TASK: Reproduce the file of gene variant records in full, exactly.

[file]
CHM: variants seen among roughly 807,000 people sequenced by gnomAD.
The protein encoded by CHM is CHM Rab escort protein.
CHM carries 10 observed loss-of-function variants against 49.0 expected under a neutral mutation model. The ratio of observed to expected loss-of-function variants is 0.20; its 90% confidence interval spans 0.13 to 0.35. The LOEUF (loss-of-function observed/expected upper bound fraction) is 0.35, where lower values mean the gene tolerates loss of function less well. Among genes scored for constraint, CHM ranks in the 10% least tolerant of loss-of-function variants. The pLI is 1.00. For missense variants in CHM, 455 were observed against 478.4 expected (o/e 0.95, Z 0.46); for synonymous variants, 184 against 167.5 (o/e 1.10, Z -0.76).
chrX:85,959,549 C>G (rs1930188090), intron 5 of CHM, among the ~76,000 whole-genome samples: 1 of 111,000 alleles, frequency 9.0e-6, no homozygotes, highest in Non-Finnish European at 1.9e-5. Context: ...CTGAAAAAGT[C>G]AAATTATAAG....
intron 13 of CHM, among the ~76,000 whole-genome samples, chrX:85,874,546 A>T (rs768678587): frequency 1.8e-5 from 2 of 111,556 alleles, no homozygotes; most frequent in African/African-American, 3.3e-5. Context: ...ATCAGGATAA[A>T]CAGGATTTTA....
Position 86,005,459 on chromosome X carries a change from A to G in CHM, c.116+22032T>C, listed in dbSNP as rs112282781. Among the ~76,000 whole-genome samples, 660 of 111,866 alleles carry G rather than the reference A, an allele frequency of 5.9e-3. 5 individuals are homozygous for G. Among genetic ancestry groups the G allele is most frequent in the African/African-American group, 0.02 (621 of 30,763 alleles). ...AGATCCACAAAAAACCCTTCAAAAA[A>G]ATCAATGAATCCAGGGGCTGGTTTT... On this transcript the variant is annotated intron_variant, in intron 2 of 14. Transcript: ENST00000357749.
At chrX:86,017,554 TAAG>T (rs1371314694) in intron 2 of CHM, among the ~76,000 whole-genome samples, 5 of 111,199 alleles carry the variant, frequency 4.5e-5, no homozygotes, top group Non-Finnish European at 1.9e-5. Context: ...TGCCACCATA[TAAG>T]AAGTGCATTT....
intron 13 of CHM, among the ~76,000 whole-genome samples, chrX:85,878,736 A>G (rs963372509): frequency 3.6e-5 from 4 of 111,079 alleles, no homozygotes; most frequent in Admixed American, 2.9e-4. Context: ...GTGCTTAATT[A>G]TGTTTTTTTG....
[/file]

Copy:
CHM: variants seen among roughly 807,000 people sequenced by gnomAD.
The protein encoded by CHM is CHM Rab escort protein.
CHM carries 10 observed loss-of-function variants against 49.0 expected under a neutral mutation model. The ratio of observed to expected loss-of-function variants is 0.20; its 90% confidence interval spans 0.13 to 0.35. The LOEUF (loss-of-function observed/expected upper bound fraction) is 0.35, where lower values mean the gene tolerates loss of function less well. Among genes scored for constraint, CHM ranks in the 10% least tolerant of loss-of-function variants. The pLI is 1.00. For missense variants in CHM, 455 were observed against 478.4 expected (o/e 0.95, Z 0.46); for synonymous variants, 184 against 167.5 (o/e 1.10, Z -0.76).
chrX:85,959,549 C>G (rs1930188090), intron 5 of CHM, among the ~76,000 whole-genome samples: 1 of 111,000 alleles, frequency 9.0e-6, no homozygotes, highest in Non-Finnish European at 1.9e-5. Context: ...CTGAAAAAGT[C>G]AAATTATAAG....
intron 13 of CHM, among the ~76,000 whole-genome samples, chrX:85,874,546 A>T (rs768678587): frequency 1.8e-5 from 2 of 111,556 alleles, no homozygotes; most frequent in African/African-American, 3.3e-5. Context: ...ATCAGGATAA[A>T]CAGGATTTTA....
Position 86,005,459 on chromosome X carries a change from A to G in CHM, c.116+22032T>C, listed in dbSNP as rs112282781. Among the ~76,000 whole-genome samples, 660 of 111,866 alleles carry G rather than the reference A, an allele frequency of 5.9e-3. 5 individuals are homozygous for G. Among genetic ancestry groups the G allele is most frequent in the African/African-American group, 0.02 (621 of 30,763 alleles). ...AGATCCACAAAAAACCCTTCAAAAA[A>G]ATCAATGAATCCAGGGGCTGGTTTT... On this transcript the variant is annotated intron_variant, in intron 2 of 14. Transcript: ENST00000357749.
At chrX:86,017,554 TAAG>T (rs1371314694) in intron 2 of CHM, among the ~76,000 whole-genome samples, 5 of 111,199 alleles carry the variant, frequency 4.5e-5, no homozygotes, top group Non-Finnish European at 1.9e-5. Context: ...TGCCACCATA[TAAG>T]AAGTGCATTT....
intron 13 of CHM, among the ~76,000 whole-genome samples, chrX:85,878,736 A>G (rs963372509): frequency 3.6e-5 from 4 of 111,079 alleles, no homozygotes; most frequent in Admixed American, 2.9e-4. Context: ...GTGCTTAATT[A>G]TGTTTTTTTG....